The mean diameter of the ovarian mass was 11.8 cm (range, 2 to 25 cm). In 3.8% of the patients, bilateral ovarian tumor was detected. Ascites was seen in 23 (28.8%) patients and it was more prevalent in patients with spread of disease beyond the ovary (16.1% vs. 58.3%, p<0.001) (Table 2).

Retroperitoneal nodal, peritoneal and hepatic involvement was detected in 8.8%, 16.2% and 2.5% of patients, respectively. In 5 patients, intracranial (frontal), hepatic, supraclavicular nodal plus hepatic, pulmonary, or urinary bladder metastasis resulted in stage IV disease. A patient with frontal lobe metastasis underwent craniotomy, and a mass sized 6×4 cm was completely removed. Also, the patient with metastasis to the urinary bladder was subjected to partial cystectomy to achieve complete debulking. On the other hand, macroscopic residual tumor was left in 6 patients (7.5%) with stage III or IV disease. Two patients with hepatic metastasis, 1 with pulmonary metastasis, and 3 with diffuse intraperitoneal spread had gross residual tumor after initial staging or restaging surgery.

A group consisting of 46.2% of patients did not receive adjuvant treatment while 42.5% of all patients received adjuvant chemotherapy, 3.8% received adjuvant radiotherapy, and 7.5% received both adjuvant chemotherapy and radiotherapy. While all patients with advanced stage disease received adjuvant therapy, only 33.9% of patients with stage I disease received adjuvant therapy due to capsular involvement, tumor rupture or poorly-differentiated tumor.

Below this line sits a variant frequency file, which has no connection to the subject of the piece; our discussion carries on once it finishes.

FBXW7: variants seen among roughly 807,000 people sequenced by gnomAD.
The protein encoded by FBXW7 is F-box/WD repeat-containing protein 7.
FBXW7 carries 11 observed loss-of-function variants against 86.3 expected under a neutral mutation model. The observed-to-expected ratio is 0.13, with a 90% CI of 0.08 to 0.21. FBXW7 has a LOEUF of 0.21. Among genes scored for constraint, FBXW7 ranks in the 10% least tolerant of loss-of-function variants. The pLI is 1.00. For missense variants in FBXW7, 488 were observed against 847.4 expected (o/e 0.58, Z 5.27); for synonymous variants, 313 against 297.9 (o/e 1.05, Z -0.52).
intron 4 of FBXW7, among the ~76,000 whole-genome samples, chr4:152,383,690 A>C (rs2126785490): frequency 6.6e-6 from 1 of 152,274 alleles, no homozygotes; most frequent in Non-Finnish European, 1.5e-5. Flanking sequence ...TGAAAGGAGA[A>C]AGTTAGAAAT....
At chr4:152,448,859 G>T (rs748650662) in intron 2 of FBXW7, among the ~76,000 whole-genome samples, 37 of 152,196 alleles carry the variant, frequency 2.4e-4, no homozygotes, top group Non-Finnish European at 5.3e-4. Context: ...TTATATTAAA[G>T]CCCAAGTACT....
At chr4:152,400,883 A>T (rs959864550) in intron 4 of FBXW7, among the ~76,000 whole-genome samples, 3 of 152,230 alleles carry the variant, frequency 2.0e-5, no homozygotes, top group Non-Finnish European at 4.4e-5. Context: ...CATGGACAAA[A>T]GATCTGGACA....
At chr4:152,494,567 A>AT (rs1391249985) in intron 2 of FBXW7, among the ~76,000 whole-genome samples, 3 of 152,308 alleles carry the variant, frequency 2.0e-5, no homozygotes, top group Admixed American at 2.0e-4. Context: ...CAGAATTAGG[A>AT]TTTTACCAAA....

The follow-up began with the primary staging or restaging surgery and mean follow-up was 67.5 months (range, 2.0 to 162.0 months). The 5-year and 10-year overall survival was 91% and 86%, respectively. Mean survival was 147.1 months (95% CI, 136.5 to 157.7 months). In univariate analysis; advanced stage disease, advanced age at diagnosis, presence of macroscopic residual disease after surgery, and need for adjuvant treatment following surgery were associated with disease-related mortality (Table 3, Fig. 1). However, in multivariate analysis, only initial stage of disease was found to effect survival significantly.

Fig. 1
Survival curves according to initial stage of disease (A), age at diagnosis (B), presence or absence of macroscopic residual tumor (C), and adjuvant treatment status (D).
Table 3
Survival characteristics according to some variables